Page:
Guidance Through The Probate Process
Some believe that the person who dies with most toys wins. Others point out that we can’t take our property with us when we die. No matter which of these beliefs you may adhere to, it’s unavoidable that those who die still owning property need to have a process to transfer their belongings to the living. This process is called probate.
The first step in this process is to create what is called the “probate estate.” This is done through filing an application notifying the court of the death of person and individuals who are interested in the process. This is also the time when the deceased’s Will is submitted to the Court and validated. If you suffer a medical setback and become comatose, your spouse, children or other loved ones may struggle to make decisions about what medical steps to take to keep you alive. You may have definite thoughts on what end-of-life medical care you want taken, but unless they are spelled out in legal documents, following your decisions may not be possible.
If you do not establish a health care directive and designate someone to have durable power of attorney for financial decisions, your loved ones may have to navigate complex legal proceedings to accomplish basic tasks on your behalf. Putting these documents in place assures that your loved ones will have clear directions on your wishes, so they can make decisions easily and with a clear conscience.
If there is no Will, the assets will be distributed according to Wisconsin intestacy laws.
Wisconsin’s Types of Probate Proceedings Include:
- Summary settlement- is for estates valued at less than $50,000. A special administrator may be summoned to manage the decedent’s estate if deemed necessary by the court. This individual’s duties might include administering assets or overseeing the estate.
- Informal administration- does not require continuous court supervision when determining the distribution of a decedent’s estate. It is instead supervised by a Probate Registrar. Informal administration is a common form of probate in Wisconsin.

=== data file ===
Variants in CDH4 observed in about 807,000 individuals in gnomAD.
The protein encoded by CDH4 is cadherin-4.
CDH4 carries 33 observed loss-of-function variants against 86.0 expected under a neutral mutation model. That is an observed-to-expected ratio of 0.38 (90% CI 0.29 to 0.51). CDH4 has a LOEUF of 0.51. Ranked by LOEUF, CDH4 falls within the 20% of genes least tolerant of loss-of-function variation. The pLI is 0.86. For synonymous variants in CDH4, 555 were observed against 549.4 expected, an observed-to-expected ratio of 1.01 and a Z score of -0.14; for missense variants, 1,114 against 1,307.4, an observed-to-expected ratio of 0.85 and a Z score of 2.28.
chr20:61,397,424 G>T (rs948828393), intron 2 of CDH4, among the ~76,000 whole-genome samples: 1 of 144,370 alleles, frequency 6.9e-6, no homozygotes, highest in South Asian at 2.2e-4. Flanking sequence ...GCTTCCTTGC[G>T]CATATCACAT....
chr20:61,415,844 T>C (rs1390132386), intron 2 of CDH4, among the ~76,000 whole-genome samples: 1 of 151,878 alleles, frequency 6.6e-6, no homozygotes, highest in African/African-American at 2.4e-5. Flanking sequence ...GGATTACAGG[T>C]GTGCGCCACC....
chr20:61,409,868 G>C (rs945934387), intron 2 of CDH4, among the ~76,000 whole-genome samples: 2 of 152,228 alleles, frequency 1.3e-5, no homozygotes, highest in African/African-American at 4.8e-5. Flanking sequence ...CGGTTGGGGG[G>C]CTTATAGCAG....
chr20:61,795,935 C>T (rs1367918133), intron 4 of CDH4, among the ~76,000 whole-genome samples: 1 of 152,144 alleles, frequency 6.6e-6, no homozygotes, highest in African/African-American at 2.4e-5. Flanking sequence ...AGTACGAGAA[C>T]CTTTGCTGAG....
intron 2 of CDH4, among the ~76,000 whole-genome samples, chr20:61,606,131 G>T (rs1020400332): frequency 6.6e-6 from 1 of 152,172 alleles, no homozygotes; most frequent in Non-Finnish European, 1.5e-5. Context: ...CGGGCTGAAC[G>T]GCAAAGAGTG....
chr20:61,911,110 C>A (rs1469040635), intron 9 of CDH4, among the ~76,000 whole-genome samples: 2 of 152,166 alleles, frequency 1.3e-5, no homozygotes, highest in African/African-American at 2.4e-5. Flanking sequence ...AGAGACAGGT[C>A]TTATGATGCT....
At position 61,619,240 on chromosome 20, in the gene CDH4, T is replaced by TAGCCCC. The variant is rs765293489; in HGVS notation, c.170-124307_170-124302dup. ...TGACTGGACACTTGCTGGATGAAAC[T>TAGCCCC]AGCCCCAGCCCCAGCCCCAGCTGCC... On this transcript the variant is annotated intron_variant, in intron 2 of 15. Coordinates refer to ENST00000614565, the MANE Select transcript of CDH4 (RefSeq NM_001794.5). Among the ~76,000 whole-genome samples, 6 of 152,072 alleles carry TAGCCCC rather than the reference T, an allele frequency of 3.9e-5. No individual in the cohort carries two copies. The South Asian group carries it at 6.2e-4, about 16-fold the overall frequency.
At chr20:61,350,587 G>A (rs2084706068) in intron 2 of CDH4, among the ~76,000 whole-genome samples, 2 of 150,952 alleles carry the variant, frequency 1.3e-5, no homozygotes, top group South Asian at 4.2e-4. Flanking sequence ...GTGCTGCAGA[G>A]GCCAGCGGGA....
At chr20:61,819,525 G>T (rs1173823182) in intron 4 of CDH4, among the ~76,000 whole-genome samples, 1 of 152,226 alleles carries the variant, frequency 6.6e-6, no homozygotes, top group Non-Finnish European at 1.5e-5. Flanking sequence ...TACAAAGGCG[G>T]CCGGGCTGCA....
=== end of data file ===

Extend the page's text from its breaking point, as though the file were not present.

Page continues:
- Formal administration- requires formal circuit court supervision. It is necessary when some beneficiaries do not consent to informal administration, or when disputes regarding the will arise between beneficiaries. A probate judge must rule these disputes. If disputes arise during informal administration, beneficiaries must turn to the formal administration process.
Once the probate process is started, an individual is appointed by the Court to manage and administer to the probate estate. This individual is called the “Personal Representative,” although many also refer to the position as the executor. The Personal Representative will gather the assets and inventory them, notify creditors of the probate and deal with any claims made, liquidate assets as necessary and distribute money and property to the beneficiaries of the estate.
An Alternative for Smaller Estates
Transfer by Affidavit is an alternative process for estates valued at $50,000 or less, and avoids court proceedings. A Transfer by Affidavit is submitted to initiate the process of beneficiaries collecting the decedent’s assets. The Transfer by Affidavit process might be viewed as an advantage due to the fact that it occurs outside of probate. However, it does not grant you a trustee or personal representative, leading to your beneficiaries becoming co-owners of your estate. This could result in disputes over the division of your assets.
Probate is a Tool
Probate should not be viewed as a nuisance, but rather as a mechanism to guide you through a tough and uncertain time. The probate process poses as an aid to ensure assets are distributed in the manner your loved one would have hoped for, in order to finalize their wishes.
The estate planning lawyers at Peterson, Berk & Cross, S.C., help personal representatives navigate the probate process. We also protect the interests of other beneficiaries and represent clients in disputes regarding estate administration.
Not all Assets Pass Through Probate
Most wills designate a family member or trusted friend of the decedent as a personal representative or executor. This person is charged with steering the decedent’s estate through probate.
It should be noted that a number of assets do not need to pass through probate. These include bank accounts, real estate, motor vehicles, life insurance policies, retirement accounts and other assets that were co-owned by the decedent and another person, such as a spouse.
In addition, trusts can be created while the person is alive that allow other assets to pass to heirs without going through probate. Many people wish to avoid the delays, costs and public nature of probate. We work with our clients to create estate plans that accomplish these objectives.
If probate is necessary, it can take several months to a year or more to complete depending upon the size of the estate, the complexity of the will and whether anyone contests the will.
Your Best Interests Are Our Priority
Our attorneys bring a personal approach to the probate process. We understand the emotions that family members are dealing with after the death of a loved one. We guide you through the process with an emphasis on efficiency and empathy.
Call 920-831-0300 or email us to schedule a consultation. We represent clients throughout Wisconsin from offices in Appleton and Green Bay.